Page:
Prof. Motti Neiger   
On Media, Culture & Society        


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  Motti Neiger, Ph.D. – Academic Profile (March, 2013)
I am the Dean of the School of Communication at Netanya Academic College, Israel. My academic interests include various aspects of the correlations  between media and culture: mediated collective memory, journalism during conflicts, popular culture, and the role of culture mediators.

     My main contributions in the field of media memory appeared in a series of twelve publications (authored book, edited volume and ten   articles, including leading journals in media studies such as Media, Culture & Society, J. of Communication, Critical Studies in Media Communication, and The Communication Review). This research project, done in collaboration with my colleagues Oren Meyers and Eyal Zandberg, focuses on television and radio broadcasts during Israel's Holocaust Remembrance Day in the years 1987-2007. The aim of this study was to explore the role of cultural memory in a new-media age in general, and the correlations between national memory and the changes in Israeli media, in particular. The project was funded by the  Israel Science Foundation, and apart from the journal articles and an authored book, yielded a fruitful international workshop and a successful edited volume that has received warm reviews in major journals as a collection that serves as an excellent introduction to the field of media memory.

     The pivotal concern of my investigations in the field of journalism during violent conflict is the coverage of conflicts when the journalist is a member of one of the conflicting parties, a coverage that invokes a professional dilemma "between the nation and the profession" (as the title goes of my co-authored article in Media, Culture & Society). In this area, I contributed to the understanding of how journalists span the gap over the perceived contradiction as they maneuver between their dual allegiance and identities. I developed and problematized the concept of journalistic criticism, and analyzed the mediation of conflicts behind newspaper front-pages when I examined leisure, sport and culture supplements during war. In this area, I am particularly proud of my research on the role of future speculation in the media that points to the political significance and cultural importance of news regarding anticipated events. The merging of my first strand of research – media memory –, and the second one – journalism and conflicts –, can be found in my current project with Keren Tenenboim-Weinblatt on the role of temporalities in Journalism. We have submitted a grant proposal for this research, and I believe and hope this will be my main project on journalism for the near future.

     On my third research avenue, the tension between popular culture and élite culture mediators, I reviewed various arenas: literary supplements in the press, book best-seller lists, internet forums for creative writing, and the rhetoric of readers' comments system on the internet. In the coming year, I intend to finish a wide-ranging book about Israel's publishing industry, which will complete my research on culture mediators. From another angle, I was the first Israeli scholar to investigate reality TV shows as a cultural phenomenon. My research of the subject (the latest paper published on Television & New Media, 2012) has become an integral part of many academic courses on popular culture, and part of high-school curricula in Israel, and I am often invited as an expert to comment on the topic in the media. I have been teaching a successful seminar on this subject for the last years (selected as one of Israel's most popular academic courses by Israel’s top news-site, Ynet). I also gained teaching awards for my other mandatory and elective courses on the above-mentioned research areas both at  Netanya Academic College and the Hebrew University, where I lectured as an adjunct for eight years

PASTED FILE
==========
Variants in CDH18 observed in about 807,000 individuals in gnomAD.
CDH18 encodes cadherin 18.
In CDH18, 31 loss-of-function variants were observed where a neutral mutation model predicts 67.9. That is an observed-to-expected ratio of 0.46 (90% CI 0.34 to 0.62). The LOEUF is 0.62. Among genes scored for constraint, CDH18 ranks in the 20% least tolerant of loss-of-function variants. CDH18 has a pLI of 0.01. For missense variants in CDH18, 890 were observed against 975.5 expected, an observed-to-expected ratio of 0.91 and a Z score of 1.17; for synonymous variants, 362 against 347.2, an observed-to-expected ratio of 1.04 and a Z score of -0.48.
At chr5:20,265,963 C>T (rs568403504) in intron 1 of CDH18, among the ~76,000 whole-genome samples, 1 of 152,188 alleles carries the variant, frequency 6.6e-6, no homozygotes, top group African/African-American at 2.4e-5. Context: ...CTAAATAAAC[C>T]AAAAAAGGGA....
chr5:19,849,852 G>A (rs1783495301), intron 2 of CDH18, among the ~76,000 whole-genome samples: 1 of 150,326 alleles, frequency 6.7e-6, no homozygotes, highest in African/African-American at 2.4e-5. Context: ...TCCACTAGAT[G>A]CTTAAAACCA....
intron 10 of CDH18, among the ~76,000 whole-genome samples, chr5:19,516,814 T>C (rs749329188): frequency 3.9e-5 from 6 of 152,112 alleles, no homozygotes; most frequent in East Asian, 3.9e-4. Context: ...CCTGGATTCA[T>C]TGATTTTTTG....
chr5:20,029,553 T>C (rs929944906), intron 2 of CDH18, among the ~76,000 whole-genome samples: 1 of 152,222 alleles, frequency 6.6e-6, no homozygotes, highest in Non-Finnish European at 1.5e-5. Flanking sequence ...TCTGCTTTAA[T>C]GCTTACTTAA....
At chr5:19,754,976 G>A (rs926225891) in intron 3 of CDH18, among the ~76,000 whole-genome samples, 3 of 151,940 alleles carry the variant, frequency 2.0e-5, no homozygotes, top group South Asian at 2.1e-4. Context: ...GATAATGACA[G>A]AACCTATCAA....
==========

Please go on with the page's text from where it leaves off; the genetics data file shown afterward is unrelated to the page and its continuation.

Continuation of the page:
As an active member of the academic community, I participated in more than 80 conferences and organized many national and international conferences, panels and workshops. I served as president of the Israel Communication Association (2006-2009) and during my term, I was the founding editor of Media Frames: Israeli Journal of Communication. Serving the community, I volunteered to be a member of Israel Broadcast Association's Ethics Committee and to serve as the chair of the high-school curriculum committee on the new communication and society-teaching program for Israel's Ministry of  Education. At Netanya Academic College, I served as the student affairs' dean and as a member of the curriculum committee, as well as other positions and services. Currently I serve as the Dean of the School of Communication.